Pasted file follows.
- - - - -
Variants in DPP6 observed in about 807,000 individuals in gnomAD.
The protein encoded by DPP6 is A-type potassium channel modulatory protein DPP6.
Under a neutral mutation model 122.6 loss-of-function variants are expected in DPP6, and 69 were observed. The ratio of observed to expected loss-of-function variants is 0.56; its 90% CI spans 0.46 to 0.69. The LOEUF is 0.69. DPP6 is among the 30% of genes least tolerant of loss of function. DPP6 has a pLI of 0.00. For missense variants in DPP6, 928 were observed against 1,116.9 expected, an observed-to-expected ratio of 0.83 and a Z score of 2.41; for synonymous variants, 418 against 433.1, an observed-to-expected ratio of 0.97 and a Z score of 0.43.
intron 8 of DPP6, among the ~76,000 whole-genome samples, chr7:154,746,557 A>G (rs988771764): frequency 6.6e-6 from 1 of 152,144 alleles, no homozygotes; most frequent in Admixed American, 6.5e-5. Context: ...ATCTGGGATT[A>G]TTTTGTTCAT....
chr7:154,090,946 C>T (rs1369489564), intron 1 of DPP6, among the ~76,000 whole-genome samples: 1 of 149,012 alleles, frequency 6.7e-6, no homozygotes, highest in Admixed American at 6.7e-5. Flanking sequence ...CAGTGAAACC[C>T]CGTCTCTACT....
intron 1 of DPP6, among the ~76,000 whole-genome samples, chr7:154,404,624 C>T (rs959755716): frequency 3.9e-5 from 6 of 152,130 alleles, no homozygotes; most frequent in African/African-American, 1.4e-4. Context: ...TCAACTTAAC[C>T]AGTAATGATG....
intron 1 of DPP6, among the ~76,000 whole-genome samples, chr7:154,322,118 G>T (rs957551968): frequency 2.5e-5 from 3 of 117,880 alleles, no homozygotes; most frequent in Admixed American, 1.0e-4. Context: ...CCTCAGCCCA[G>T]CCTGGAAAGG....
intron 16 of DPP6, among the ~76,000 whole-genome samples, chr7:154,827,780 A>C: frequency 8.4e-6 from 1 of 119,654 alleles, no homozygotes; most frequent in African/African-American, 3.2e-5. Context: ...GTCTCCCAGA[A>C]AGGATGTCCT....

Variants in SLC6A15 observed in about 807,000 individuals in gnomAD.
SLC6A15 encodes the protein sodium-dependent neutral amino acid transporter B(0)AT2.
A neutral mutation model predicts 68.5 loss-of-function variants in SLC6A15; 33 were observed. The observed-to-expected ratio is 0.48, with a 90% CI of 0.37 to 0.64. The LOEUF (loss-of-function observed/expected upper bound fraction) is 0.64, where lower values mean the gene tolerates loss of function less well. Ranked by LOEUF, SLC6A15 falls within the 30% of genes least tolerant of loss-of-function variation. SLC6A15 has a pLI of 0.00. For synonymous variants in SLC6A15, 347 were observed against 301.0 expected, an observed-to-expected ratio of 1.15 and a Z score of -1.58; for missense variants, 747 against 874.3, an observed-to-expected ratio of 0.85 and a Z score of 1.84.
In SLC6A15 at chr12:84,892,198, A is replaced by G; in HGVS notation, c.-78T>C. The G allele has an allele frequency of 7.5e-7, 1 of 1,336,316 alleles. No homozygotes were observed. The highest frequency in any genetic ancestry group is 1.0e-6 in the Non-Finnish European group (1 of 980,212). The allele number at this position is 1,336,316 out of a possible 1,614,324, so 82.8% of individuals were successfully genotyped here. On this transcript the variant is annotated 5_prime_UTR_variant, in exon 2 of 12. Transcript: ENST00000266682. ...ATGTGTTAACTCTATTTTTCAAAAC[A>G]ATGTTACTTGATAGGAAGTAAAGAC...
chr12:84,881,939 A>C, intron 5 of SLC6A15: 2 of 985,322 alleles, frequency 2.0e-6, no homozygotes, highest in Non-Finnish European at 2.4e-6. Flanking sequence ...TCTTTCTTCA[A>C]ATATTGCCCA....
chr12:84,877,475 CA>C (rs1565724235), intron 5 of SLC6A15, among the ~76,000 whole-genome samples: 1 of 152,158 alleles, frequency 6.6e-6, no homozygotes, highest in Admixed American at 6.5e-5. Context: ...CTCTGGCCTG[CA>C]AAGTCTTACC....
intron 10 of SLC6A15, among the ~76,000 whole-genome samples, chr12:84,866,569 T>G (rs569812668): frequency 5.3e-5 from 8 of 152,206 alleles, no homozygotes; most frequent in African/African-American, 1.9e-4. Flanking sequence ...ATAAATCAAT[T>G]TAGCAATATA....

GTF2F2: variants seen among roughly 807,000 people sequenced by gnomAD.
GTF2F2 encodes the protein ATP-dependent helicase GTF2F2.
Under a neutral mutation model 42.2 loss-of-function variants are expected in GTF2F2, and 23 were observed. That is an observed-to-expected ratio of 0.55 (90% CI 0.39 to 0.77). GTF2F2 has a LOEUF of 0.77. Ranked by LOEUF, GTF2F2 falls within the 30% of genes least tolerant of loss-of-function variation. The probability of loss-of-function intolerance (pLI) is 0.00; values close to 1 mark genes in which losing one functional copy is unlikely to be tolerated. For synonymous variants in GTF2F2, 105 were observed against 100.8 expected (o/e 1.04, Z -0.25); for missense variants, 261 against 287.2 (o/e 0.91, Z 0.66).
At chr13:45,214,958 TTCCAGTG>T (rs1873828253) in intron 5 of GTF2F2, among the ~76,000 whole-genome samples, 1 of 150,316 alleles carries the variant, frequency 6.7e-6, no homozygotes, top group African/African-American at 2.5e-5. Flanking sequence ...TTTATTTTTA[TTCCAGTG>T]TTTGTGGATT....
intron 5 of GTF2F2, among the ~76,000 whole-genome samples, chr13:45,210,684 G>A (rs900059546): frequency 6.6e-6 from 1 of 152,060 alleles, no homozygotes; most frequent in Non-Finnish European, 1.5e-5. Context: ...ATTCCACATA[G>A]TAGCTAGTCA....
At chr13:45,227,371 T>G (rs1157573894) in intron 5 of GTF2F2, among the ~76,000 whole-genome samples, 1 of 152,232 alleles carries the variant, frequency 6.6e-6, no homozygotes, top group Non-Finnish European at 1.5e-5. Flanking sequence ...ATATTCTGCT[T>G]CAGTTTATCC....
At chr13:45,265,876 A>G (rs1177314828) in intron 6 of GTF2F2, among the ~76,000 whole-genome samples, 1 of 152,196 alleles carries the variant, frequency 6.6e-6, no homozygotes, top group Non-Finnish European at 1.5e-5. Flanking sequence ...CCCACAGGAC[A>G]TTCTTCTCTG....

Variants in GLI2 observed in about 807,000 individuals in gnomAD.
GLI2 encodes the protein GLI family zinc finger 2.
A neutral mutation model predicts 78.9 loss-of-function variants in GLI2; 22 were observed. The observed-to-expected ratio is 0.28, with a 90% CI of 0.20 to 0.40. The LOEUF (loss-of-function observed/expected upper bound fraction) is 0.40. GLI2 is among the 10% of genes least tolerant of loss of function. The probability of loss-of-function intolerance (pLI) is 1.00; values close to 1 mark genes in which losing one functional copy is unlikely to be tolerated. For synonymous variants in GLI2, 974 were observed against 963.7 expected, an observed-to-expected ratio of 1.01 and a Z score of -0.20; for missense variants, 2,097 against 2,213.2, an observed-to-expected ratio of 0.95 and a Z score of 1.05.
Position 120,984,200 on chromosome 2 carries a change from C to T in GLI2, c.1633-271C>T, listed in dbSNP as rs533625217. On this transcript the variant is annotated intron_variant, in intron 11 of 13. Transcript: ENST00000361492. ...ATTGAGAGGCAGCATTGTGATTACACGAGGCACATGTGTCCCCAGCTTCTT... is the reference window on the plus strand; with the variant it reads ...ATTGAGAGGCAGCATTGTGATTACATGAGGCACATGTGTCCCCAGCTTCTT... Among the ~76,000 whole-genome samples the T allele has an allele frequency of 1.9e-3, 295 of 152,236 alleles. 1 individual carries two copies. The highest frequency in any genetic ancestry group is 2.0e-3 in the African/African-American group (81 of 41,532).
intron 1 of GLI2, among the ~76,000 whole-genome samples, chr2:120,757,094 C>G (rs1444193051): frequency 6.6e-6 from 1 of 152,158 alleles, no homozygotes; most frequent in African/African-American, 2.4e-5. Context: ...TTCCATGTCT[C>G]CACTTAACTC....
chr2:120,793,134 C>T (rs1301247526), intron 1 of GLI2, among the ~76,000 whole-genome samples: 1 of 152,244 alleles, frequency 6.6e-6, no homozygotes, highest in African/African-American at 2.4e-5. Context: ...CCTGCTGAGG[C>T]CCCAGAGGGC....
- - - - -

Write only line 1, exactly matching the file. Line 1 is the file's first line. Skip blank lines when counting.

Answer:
Variants in DPP6 observed in about 807,000 individuals in gnomAD.